Explained: the strange truth behind the Thanksgiving turkey pardon tradition The White House's Thanksgiving practice doesn't go back as far as you might think and has been sustained by a special interest group — the turkey lobby.

Biden pardoned the Thanksgiving turkeys. Read the strange truth behind the tradition

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OK, it is that time of year again when the president takes part in one of the stranger American traditions, the presidential turkey pardon.


PRESIDENT DONALD TRUMP: But it was George H.W. Bush who first issued an official pardon. In keeping with that tradition today, I will issue a pardon to a pair of very handsome birds; Butter and his alternate, Bread.

CHANG: Some 46 million turkeys will be eaten this Thanksgiving but not Bread or Butter, the two turkeys pardoned today by President Trump. Joining us now is Domenico Montanaro, NPR's senior political editor and correspondent and in-house turkey pardon expert.

Hello, Domenico.


CHANG: All right, we have lots of hard-hitting questions about all of this.

MONTANARO: (Laughter).

CHANG: You have been covering this story for a decade now...

MONTANARO: For too long.

CHANG: You have written the history of it every year. This is absolutely not getting old for you, so why do presidents do this?

MONTANARO: Oh, this is getting old for me...

CHANG: (Laughter).

MONTANARO: ...But I will say, like, this is all basically a big advertisement for Big Turkey.

CHANG: Big Turkey - move over Big Tobacco.

MONTANARO: I mean, the national - well, not quite - but the National Turkey Federation - turkeys, yes, have lobbyists, too - is behind this event. They've spent something like $3 million over the last 20 years on lobbying in Washington - not that much money compared to other groups but this is their marquee event. They started giving away turkeys to presidents in 1947, but the real distinction here is that they were always meant to be eaten not pardoned.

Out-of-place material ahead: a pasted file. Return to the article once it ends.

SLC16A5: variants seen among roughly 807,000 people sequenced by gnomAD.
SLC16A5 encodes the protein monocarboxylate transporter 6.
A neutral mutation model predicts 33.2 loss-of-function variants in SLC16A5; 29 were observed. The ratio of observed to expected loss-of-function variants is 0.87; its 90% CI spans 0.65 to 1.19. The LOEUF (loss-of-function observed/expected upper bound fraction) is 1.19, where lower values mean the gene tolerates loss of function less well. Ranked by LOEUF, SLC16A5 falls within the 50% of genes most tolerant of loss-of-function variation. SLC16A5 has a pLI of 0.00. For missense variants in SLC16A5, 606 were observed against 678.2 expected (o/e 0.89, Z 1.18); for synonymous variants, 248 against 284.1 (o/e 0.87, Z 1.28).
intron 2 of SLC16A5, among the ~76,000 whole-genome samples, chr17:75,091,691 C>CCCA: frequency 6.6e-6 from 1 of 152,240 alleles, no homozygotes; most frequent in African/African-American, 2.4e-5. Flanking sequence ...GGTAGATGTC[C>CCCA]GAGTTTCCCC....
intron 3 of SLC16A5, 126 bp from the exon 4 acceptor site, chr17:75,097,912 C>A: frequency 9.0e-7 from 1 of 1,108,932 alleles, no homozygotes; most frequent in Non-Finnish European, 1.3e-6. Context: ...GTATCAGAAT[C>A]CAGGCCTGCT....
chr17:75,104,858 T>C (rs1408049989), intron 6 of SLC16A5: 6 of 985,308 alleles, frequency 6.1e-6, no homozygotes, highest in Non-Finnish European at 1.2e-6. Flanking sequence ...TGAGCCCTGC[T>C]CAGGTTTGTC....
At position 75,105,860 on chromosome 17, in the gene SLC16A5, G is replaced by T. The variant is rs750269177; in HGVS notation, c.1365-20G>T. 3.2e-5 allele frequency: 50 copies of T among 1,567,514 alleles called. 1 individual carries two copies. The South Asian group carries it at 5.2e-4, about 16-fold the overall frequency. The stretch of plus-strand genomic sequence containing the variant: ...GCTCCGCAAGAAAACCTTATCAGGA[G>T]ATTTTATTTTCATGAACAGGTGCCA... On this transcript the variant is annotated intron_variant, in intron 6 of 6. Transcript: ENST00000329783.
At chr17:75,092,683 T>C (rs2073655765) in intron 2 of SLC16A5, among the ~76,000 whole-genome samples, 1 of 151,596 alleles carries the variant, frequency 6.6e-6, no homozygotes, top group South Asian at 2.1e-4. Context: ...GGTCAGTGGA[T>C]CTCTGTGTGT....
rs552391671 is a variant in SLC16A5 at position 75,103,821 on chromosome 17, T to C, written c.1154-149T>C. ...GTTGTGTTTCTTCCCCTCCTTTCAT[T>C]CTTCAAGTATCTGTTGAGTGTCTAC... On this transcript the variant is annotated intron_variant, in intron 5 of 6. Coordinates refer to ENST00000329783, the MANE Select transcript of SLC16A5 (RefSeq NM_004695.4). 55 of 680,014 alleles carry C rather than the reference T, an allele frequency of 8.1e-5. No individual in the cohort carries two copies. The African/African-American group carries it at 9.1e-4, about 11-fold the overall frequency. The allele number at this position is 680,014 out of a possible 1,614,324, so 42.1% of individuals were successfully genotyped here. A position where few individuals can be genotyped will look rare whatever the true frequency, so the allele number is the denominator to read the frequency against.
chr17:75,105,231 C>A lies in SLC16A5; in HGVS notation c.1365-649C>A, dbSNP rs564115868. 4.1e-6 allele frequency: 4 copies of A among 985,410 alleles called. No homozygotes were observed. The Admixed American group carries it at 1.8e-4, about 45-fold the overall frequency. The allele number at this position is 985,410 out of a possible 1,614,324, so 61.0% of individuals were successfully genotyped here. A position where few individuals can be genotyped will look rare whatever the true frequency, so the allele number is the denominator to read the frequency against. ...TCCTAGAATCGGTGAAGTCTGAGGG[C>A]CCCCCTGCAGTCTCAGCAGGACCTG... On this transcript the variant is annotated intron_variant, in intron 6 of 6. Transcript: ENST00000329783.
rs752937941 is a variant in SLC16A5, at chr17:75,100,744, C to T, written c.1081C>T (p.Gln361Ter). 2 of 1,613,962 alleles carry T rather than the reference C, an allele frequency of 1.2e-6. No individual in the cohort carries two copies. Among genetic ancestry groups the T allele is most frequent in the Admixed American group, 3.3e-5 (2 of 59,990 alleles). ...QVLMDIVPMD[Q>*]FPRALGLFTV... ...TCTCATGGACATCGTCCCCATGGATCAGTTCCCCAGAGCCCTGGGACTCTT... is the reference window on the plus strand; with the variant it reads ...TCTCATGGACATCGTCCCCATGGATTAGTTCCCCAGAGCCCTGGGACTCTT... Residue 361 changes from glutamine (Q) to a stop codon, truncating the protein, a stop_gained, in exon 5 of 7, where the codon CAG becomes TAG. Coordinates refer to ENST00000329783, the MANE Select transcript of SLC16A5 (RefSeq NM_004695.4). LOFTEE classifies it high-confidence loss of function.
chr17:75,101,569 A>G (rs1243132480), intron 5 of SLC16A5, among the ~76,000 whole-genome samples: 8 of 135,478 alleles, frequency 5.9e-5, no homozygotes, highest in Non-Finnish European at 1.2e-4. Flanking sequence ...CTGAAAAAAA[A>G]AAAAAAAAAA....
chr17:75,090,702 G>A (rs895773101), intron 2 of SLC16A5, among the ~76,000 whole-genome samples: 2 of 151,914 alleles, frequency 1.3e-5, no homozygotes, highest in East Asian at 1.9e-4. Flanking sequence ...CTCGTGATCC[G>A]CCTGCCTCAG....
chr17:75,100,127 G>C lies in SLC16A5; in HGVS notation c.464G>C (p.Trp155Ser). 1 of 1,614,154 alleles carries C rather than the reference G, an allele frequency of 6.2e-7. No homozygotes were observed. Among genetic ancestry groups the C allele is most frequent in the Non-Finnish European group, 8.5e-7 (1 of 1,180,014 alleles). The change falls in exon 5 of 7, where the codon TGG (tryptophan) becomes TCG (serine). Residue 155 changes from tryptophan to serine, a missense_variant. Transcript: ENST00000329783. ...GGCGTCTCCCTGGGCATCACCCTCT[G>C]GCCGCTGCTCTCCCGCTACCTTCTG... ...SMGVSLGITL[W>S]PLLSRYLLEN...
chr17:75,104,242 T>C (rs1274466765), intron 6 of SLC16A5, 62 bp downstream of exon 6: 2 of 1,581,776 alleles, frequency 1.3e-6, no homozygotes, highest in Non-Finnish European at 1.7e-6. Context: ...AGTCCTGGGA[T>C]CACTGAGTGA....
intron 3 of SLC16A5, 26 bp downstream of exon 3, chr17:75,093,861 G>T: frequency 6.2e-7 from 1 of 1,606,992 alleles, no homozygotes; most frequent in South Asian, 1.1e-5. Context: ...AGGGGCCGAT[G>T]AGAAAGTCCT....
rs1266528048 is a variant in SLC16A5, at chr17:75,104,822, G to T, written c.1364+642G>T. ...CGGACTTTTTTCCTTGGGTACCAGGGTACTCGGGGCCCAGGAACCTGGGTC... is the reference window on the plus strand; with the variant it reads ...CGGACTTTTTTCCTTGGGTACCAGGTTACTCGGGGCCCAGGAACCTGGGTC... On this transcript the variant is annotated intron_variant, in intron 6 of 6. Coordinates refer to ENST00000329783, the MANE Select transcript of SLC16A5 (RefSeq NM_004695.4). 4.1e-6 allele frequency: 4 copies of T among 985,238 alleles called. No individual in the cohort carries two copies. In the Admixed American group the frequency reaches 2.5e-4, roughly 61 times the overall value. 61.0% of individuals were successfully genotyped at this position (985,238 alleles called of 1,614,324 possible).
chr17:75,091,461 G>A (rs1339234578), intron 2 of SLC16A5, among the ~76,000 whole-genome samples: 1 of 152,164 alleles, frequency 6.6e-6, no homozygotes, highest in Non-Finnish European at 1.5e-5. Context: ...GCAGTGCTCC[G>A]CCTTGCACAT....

CHANG: Right.

MONTANARO: In fact, Bill Clinton famously got it wrong in 1997 when he said that the - that Harry Truman was the first to pardon a turkey. The Truman Library - I checked with them. They put out a statement saying they have no record...

CHANG: (Laughter) You fact-checked this.

MONTANARO: ...No record - this is what got me started on this - that they have no record of Harry Truman ever pardoning a turkey. The library said, quote, "Truman sometimes indicated to reporters that the turkeys he received were destined for the family dinner table."

CHANG: OK, let's fact-check another thing. Is President Trump right? Was George H.W. Bush the first president to issue an official turkey pardon?

MONTANARO: The keyword there is official. Yes, he is correct on that, that he was the first to issue the official pardon, start the tradition that we know - 30 years ago; 1989, not that long ago. The president, though - Trump - he was wrong when he said that President Lincoln was the first to spare the life of a Thanksgiving turkey. He spared a Christmas turkey that his son Tad had...

CHANG: Oh, parsing the language. OK.

MONTANARO: Well, I mean, this matters. Truth matters.

CHANG: (Laughter).

MONTANARO: And you know, his son Tad had taken a liking to this bird and wanted to keep it as a pet. And they did.

CHANG: Really?

MONTANARO: He did. And I guess Trump was just winging it there. I don't know. But the best evidence we could find of the first Thanksgiving turkey being given a reprieve was John F. Kennedy in 1963. And to show you just how much this bird was meant to be eaten, it had a giant sign hanging around its neck that read, good eating, Mr. President.

CHANG: Oh, poor guy. OK, so where do these poor turkeys go? What happens to them after a pardon? Do they really avoid getting eaten?

MONTANARO: Well, they - yes. I mean, they go to Virginia Tech University now - they've done that for the last four years - to an exhibit called Gobbler's Rest.

CHANG: (Laughter).

MONTANARO: They'll be under the supervision of the Department of Animal and Poultry Sciences. Virginia Tech even brought in the Hokie mascot to bond with the birds at their hotel room. They stay at the very fancy Willard Hotel before the pardoning event. They used to go to Disneyland and the unfortunately named Frying Pan Park in Virginia.

CHANG: All this talk is making me wonder what's left for you to talk about next year. That's NPR's Domenico Montanaro.

Thanks so much, Domenico.

MONTANARO: You're welcome. Happy Thanksgiving.

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